FACTOID # 16: In the 2000 Presidential Election, Texas gave Ralph Nader the 3rd highest popular vote count of any US state.
 
 Home   Encyclopedia   Statistics   States A-Z   Flags   Maps   FAQ   About 
   
 
WHAT'S NEW
 

SEARCH ALL

FACTS & STATISTICS    Advanced view

Search encyclopedia, statistics and forums:

 

 

(* = Graphable)

 

 


Encyclopedia > Nicodemus
Saint Stephen Mourned by Saints Gamaliel and Nicodemus, follower of Carlo Saraceni, c. 1615 (Museum of Fine Arts, Boston).
Saint Stephen Mourned by Saints Gamaliel and Nicodemus, follower of Carlo Saraceni, c. 1615 (Museum of Fine Arts, Boston).

Nicodemus (Greek: Νικόδημος) was a Pharisee and a member of the Sanhedrin, who, according to the Gospel of John, showed favour to Jesus. He appears three times in the Gospel: the first is when he visits Jesus one night to listen to his teachings (John 3:1-21); the second is when he states the law concerning the arrest of Jesus during the Feast of Tabernacles (John 7:45-51); and the last follows the Crucifixion, when he assists Joseph of Arimathea in preparing the corpse of Jesus for burial (John 19:39-42). Image File history File links Follower of Carlo Saraceni, Italian (Venetian), about 1579–1620 Saint Stephen Mourned by Saints Gamaliel and Nicodemus about 1615 Oil on canvas 113. ... Image File history File links Follower of Carlo Saraceni, Italian (Venetian), about 1579–1620 Saint Stephen Mourned by Saints Gamaliel and Nicodemus about 1615 Oil on canvas 113. ... Paul Gauguin, Where Do We Come From? What Are We? Where Are We Going? (Doù venons-nous? Que faisons-nous? Où allons-nous?) (1897). ... The Pharisees (from the Hebrew perushim, from parash, meaning to separate) were, depending on the time, a political party, a social movement, and a school of thought among Jews that flourished during the Second Temple Era (536 BCE–70 CE). ... For the tractate in the Mishnah, see Sanhedrin (tractate). ... For other uses, see Gospel of John (disambiguation). ... This article is about Jesus of Nazareth. ... Sukkot (Hebrew:  ; booths. ... For other uses, see Crucifixion (disambiguation). ... Joseph of Arimathea by Pietro Perugino. ...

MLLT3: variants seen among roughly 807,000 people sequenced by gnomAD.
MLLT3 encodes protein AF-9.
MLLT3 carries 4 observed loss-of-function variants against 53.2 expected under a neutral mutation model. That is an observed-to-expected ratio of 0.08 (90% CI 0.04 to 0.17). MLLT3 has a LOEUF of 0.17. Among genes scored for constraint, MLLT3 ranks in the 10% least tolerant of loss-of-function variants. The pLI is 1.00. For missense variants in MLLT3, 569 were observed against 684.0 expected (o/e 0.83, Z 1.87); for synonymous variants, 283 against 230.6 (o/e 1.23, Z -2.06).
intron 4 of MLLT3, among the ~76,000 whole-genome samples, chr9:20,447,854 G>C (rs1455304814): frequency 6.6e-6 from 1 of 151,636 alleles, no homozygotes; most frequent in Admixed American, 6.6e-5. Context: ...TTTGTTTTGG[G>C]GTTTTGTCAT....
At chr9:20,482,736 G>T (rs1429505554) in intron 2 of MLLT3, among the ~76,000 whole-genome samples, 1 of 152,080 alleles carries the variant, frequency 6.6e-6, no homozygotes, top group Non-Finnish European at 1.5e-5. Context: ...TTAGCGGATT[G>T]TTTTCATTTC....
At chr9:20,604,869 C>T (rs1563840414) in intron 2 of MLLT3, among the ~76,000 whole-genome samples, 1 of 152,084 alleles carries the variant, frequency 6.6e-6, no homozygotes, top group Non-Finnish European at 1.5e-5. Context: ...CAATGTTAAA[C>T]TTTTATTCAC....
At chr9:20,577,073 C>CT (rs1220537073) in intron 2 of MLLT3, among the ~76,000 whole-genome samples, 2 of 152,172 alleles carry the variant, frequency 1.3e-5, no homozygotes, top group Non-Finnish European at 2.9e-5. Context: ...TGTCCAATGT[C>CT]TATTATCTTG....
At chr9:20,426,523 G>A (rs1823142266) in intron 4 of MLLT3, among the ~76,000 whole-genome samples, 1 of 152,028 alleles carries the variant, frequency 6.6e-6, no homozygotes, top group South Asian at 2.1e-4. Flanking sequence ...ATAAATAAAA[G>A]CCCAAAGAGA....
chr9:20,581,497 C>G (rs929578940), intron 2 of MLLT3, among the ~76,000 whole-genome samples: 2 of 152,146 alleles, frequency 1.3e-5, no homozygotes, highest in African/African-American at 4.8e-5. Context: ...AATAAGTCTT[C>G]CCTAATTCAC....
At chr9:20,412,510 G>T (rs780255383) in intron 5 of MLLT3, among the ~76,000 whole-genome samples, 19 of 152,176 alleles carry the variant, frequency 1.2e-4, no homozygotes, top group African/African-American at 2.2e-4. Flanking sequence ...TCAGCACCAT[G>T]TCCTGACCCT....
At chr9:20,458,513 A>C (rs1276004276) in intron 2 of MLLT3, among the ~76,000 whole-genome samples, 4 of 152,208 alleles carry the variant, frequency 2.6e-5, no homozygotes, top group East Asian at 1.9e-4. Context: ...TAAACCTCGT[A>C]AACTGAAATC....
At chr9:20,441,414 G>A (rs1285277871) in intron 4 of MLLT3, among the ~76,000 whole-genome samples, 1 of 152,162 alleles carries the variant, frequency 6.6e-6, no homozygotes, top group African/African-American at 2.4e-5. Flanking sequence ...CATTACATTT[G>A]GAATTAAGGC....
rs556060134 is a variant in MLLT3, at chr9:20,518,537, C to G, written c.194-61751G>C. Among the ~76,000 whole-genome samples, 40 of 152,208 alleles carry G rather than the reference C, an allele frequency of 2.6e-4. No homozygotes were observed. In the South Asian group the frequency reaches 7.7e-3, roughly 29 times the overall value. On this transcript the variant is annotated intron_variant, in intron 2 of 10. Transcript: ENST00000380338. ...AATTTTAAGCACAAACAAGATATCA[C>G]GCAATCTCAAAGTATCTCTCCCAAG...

The discussion with Jesus is the source of several common expressions of contemporary Christianity, specifically, the descriptive phrase born again used to describe the experience of believing in Jesus as Saviour, and John 3:16, a commonly quoted verse used to describe God's plan of salvation. Topics in Christianity Preaching Prayer Ecumenism Relation to other religions Movements Music Liturgy Calendar Symbols Art Criticism Christianity Portal This box:      Christianity is a monotheistic[1] religion centered on the life and teachings of Jesus of Nazareth as presented in the New Testament. ... Born again is a term used originally and mainly in Christianity, where it is associated with salvation, conversion and spiritual rebirth. ... John 3:16 (chapter 3, verse 16 of the Gospel of John) is one of the most widely quoted verses from the Christian Bible. ...


An apocryphal work under his name — the Gospel of Nicodemus — was produced at some point in the medieval era, and is mostly a reworking of the earlier Acts of Pilate, which recounts the harrowing of Hell. Apocrypha (from the Greek word , meaning those having been hidden away[1]) are texts of uncertain authenticity or writings where the authorship is questioned. ... The Acts of Pilate, also known as the Gospel of Nicodemus, is a book of the New Testament apocrypha. ... The Acts of Pilate (Latin Acta Pilati) is a book of the New Testament apocrypha. ... The Harrowing of Hell is a doctrine in Christian theology referenced in the Apostles Creed and the Athanasian Creed (Quicumque vult), which states that Jesus descended into Hell. His descent to the underworld has been termed the most controversial phrase in the Apostles Creed. ...